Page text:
Generally, compostable plastic foodware like containers and packaging may have smaller Global Warming Potential (GWP) when composted. But most are not composted. They are landfilled or incinerated, creating a higher GWP. The problem is made worse because, even when these products are composted, the bioplastics have much higher impacts on acidification, water use, ozone depletion and toxicity.
Compostable bioplastics also contribute to the emission of greenhouse gases. This is because emissions are released into the atmosphere as these plastics are being produced. Indeed, growing crops like corn and starch to create bioplastics require burning significant amounts of fossil fuels. Growing these crops for biomaterials also contaminates soil with pesticides and can cause an overloading of nutrients in waterways (leading to the creation of so-called ‘dead zones’ through the process of eutrophication).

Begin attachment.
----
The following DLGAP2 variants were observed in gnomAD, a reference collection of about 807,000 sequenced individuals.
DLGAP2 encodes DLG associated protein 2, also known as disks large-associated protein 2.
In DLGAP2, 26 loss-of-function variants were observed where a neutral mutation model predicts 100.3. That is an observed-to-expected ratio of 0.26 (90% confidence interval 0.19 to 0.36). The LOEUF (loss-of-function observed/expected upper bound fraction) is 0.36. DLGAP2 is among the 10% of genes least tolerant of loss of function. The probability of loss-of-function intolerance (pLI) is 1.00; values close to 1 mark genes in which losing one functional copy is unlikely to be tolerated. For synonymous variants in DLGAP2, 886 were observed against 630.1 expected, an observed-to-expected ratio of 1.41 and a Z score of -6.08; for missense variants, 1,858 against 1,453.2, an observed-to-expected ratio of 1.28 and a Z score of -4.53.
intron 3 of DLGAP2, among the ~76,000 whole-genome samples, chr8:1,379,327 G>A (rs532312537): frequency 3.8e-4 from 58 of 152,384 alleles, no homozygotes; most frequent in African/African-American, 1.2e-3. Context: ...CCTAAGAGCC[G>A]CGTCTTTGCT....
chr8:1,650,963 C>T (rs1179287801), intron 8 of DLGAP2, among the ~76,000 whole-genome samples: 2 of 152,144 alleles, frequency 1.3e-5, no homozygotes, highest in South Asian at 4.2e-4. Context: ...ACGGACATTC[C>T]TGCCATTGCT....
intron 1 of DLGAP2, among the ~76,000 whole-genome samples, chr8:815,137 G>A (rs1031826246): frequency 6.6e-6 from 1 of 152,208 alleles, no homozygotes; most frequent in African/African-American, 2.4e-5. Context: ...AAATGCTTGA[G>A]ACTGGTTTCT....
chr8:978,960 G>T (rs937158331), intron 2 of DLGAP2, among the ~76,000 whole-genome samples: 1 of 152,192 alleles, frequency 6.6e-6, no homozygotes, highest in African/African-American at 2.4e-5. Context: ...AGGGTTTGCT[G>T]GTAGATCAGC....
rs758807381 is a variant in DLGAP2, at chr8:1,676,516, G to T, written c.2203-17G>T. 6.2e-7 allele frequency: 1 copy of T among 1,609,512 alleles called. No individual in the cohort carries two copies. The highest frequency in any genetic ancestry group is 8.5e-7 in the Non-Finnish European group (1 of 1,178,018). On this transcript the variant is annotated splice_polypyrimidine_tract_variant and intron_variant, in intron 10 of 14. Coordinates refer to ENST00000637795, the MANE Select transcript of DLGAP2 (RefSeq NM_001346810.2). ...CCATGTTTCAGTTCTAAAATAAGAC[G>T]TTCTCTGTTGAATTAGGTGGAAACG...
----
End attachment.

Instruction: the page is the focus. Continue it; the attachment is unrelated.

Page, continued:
Many people perceive wood products as a positive alternative to single-use plastics. The reality, unfortunately, is that these ‘eco-friendly’ products are created through the process of forest-clearing, and the use of harmful chemicals. This includes herbicides, pesticides and fertilisers.
The clearing of wood also comes with management practices themselves which are not eco-friendly. This results in harmful consequences such as the depletion of topsoil, increased erosion and the contamination of water resources.
Aluminium products are well-known to be recyclable which, at a first glance, makes them seem like attractive alternatives to plastics.